|Great Expectations character|
|Created by||Charles Dickens|
|Based on||Possibly Eliza Emily Donnithorne or Margaret Catherine Dick|
|Portrayed by|| Gillian Anderson |
Helena Bonham Carter
|Occupation||None (heiress and recluse)|
|Family||Arthur Havisham (half brother)|
|Significant other||Compeyson (former fiancé)|
|Children||Estella (adoptive daughter)|
|Relatives|| Pocket family (cousins)|
Bentley Drummle (son-in-law)
|Religion||Church of England |
Miss Havisham is a character in the Charles Dickens novel Great Expectations (1861). She is a wealthy spinster, once jilted at the altar, who insists on wearing her wedding dress for the rest of her life. She lives in a ruined mansion with her adopted daughter, Estella. Dickens describes her as looking like "the witch of the place". In the novel, she schemes to have the young orphan, Pip, fall in love with Estella, so that Estella can "break his heart."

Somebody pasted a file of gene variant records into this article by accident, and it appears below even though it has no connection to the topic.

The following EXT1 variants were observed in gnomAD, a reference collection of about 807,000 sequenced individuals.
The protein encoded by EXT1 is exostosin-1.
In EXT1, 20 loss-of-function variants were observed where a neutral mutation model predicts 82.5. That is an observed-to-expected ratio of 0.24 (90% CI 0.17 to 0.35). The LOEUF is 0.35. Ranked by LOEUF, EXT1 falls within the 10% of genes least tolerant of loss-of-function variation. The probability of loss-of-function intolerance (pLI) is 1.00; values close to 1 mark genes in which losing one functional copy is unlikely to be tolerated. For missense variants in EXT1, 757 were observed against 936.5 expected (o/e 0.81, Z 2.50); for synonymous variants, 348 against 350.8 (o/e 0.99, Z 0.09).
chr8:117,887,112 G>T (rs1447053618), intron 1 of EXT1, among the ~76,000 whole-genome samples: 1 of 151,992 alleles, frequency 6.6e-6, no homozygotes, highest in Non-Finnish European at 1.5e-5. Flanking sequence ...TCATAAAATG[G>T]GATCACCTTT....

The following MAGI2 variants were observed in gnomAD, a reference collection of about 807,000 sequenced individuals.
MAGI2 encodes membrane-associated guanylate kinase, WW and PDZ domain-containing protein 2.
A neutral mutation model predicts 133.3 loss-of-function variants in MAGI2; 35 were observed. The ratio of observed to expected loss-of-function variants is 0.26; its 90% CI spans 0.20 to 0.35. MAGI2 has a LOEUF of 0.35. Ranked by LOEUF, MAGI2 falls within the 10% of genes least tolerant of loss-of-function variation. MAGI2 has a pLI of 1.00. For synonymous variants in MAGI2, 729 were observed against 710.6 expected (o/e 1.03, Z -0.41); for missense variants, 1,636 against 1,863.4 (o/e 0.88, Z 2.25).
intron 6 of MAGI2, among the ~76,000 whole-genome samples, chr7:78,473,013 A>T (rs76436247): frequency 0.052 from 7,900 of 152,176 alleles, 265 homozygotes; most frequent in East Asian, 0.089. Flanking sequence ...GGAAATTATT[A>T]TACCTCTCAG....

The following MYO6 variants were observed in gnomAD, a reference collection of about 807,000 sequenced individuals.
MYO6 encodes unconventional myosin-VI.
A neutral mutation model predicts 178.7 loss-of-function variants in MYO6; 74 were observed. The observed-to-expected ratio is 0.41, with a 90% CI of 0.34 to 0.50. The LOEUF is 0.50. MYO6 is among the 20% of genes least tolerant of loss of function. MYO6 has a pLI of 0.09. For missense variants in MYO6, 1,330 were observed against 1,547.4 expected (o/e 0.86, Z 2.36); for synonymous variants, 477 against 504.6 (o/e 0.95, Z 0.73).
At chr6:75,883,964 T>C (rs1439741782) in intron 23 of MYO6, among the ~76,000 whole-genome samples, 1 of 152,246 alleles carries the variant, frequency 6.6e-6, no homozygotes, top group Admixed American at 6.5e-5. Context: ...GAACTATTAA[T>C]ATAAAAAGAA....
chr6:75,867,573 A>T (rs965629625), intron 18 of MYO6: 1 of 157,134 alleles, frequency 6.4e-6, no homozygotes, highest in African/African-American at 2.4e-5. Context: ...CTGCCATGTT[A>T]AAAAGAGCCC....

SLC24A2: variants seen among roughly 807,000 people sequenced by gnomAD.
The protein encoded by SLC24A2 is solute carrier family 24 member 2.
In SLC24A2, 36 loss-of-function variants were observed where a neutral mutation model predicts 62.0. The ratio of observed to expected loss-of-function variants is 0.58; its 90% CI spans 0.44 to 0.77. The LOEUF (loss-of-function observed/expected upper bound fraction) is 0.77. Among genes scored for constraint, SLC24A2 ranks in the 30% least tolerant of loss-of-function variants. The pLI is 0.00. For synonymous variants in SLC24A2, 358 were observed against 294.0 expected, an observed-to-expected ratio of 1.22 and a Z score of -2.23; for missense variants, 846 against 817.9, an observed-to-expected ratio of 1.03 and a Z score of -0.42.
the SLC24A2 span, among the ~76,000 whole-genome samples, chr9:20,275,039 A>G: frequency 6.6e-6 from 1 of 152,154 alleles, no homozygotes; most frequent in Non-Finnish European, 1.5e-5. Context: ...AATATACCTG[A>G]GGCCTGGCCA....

Although she has often been portrayed in film versions as very elderly, Dickens's own notes indicate that she is only in her mid-thirties at the start of the novel. However, it is indicated in the novel that her long seclusion without sunlight has aged her. She is one of the most gothic characters in the work of Dickens. 
Miss Havisham's father was a wealthy brewer and her mother died shortly after she was born. Her father remarried and had an illegitimate son, Arthur, with the household cook. Miss Havisham's relationship with her half-brother was a strained one. She inherited most of her father's fortune and fell in love with a man named Compeyson, who conspired with the jealous Arthur to swindle her of her riches. Her cousin, Matthew Pocket, warned her to be careful, but she was too much in love to listen. On the wedding day, while she was dressing, Miss Havisham received a letter from Compeyson and realised he had defrauded her and she had been left at the altar.